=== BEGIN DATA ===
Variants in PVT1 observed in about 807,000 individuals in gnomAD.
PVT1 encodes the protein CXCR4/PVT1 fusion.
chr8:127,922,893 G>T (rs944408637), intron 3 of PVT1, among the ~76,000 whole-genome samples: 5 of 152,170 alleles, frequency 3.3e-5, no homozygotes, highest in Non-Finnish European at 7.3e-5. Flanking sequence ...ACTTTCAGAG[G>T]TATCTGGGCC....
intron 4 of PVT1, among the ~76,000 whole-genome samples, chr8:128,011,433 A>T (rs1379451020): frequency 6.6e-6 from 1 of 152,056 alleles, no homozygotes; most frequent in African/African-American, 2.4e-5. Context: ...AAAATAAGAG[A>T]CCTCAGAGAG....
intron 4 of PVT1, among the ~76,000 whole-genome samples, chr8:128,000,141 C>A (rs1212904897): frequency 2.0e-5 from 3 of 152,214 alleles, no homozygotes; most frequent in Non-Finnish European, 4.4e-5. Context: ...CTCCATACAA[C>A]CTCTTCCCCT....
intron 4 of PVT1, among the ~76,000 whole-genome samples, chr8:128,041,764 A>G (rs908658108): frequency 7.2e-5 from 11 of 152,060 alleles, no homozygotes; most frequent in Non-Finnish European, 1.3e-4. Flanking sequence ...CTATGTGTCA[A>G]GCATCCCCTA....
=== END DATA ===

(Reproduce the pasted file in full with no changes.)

Variants in PVT1 observed in about 807,000 individuals in gnomAD.
PVT1 encodes the protein CXCR4/PVT1 fusion.
chr8:127,922,893 G>T (rs944408637), intron 3 of PVT1, among the ~76,000 whole-genome samples: 5 of 152,170 alleles, frequency 3.3e-5, no homozygotes, highest in Non-Finnish European at 7.3e-5. Flanking sequence ...ACTTTCAGAG[G>T]TATCTGGGCC....
intron 4 of PVT1, among the ~76,000 whole-genome samples, chr8:128,011,433 A>T (rs1379451020): frequency 6.6e-6 from 1 of 152,056 alleles, no homozygotes; most frequent in African/African-American, 2.4e-5. Context: ...AAAATAAGAG[A>T]CCTCAGAGAG....
intron 4 of PVT1, among the ~76,000 whole-genome samples, chr8:128,000,141 C>A (rs1212904897): frequency 2.0e-5 from 3 of 152,214 alleles, no homozygotes; most frequent in Non-Finnish European, 4.4e-5. Context: ...CTCCATACAA[C>A]CTCTTCCCCT....
intron 4 of PVT1, among the ~76,000 whole-genome samples, chr8:128,041,764 A>G (rs908658108): frequency 7.2e-5 from 11 of 152,060 alleles, no homozygotes; most frequent in Non-Finnish European, 1.3e-4. Flanking sequence ...CTATGTGTCA[A>G]GCATCCCCTA....